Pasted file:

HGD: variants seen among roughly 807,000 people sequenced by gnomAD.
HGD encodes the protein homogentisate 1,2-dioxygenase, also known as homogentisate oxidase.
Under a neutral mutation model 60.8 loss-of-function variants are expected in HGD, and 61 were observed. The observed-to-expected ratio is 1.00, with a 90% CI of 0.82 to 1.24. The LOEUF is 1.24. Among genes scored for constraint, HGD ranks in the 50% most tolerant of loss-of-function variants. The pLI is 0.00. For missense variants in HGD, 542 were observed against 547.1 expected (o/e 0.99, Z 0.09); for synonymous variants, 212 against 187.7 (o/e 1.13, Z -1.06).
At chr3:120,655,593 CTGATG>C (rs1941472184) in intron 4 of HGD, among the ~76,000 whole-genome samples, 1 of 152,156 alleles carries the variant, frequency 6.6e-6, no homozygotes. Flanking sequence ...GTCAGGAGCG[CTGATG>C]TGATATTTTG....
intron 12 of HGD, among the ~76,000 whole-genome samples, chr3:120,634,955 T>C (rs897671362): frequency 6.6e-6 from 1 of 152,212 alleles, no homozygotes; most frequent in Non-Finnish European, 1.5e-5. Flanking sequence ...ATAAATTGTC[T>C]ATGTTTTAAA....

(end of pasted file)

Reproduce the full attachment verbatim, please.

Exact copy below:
HGD: variants seen among roughly 807,000 people sequenced by gnomAD.
HGD encodes the protein homogentisate 1,2-dioxygenase, also known as homogentisate oxidase.
Under a neutral mutation model 60.8 loss-of-function variants are expected in HGD, and 61 were observed. The observed-to-expected ratio is 1.00, with a 90% CI of 0.82 to 1.24. The LOEUF is 1.24. Among genes scored for constraint, HGD ranks in the 50% most tolerant of loss-of-function variants. The pLI is 0.00. For missense variants in HGD, 542 were observed against 547.1 expected (o/e 0.99, Z 0.09); for synonymous variants, 212 against 187.7 (o/e 1.13, Z -1.06).
At chr3:120,655,593 CTGATG>C (rs1941472184) in intron 4 of HGD, among the ~76,000 whole-genome samples, 1 of 152,156 alleles carries the variant, frequency 6.6e-6, no homozygotes. Flanking sequence ...GTCAGGAGCG[CTGATG>C]TGATATTTTG....
intron 12 of HGD, among the ~76,000 whole-genome samples, chr3:120,634,955 T>C (rs897671362): frequency 6.6e-6 from 1 of 152,212 alleles, no homozygotes; most frequent in Non-Finnish European, 1.5e-5. Flanking sequence ...ATAAATTGTC[T>C]ATGTTTTAAA....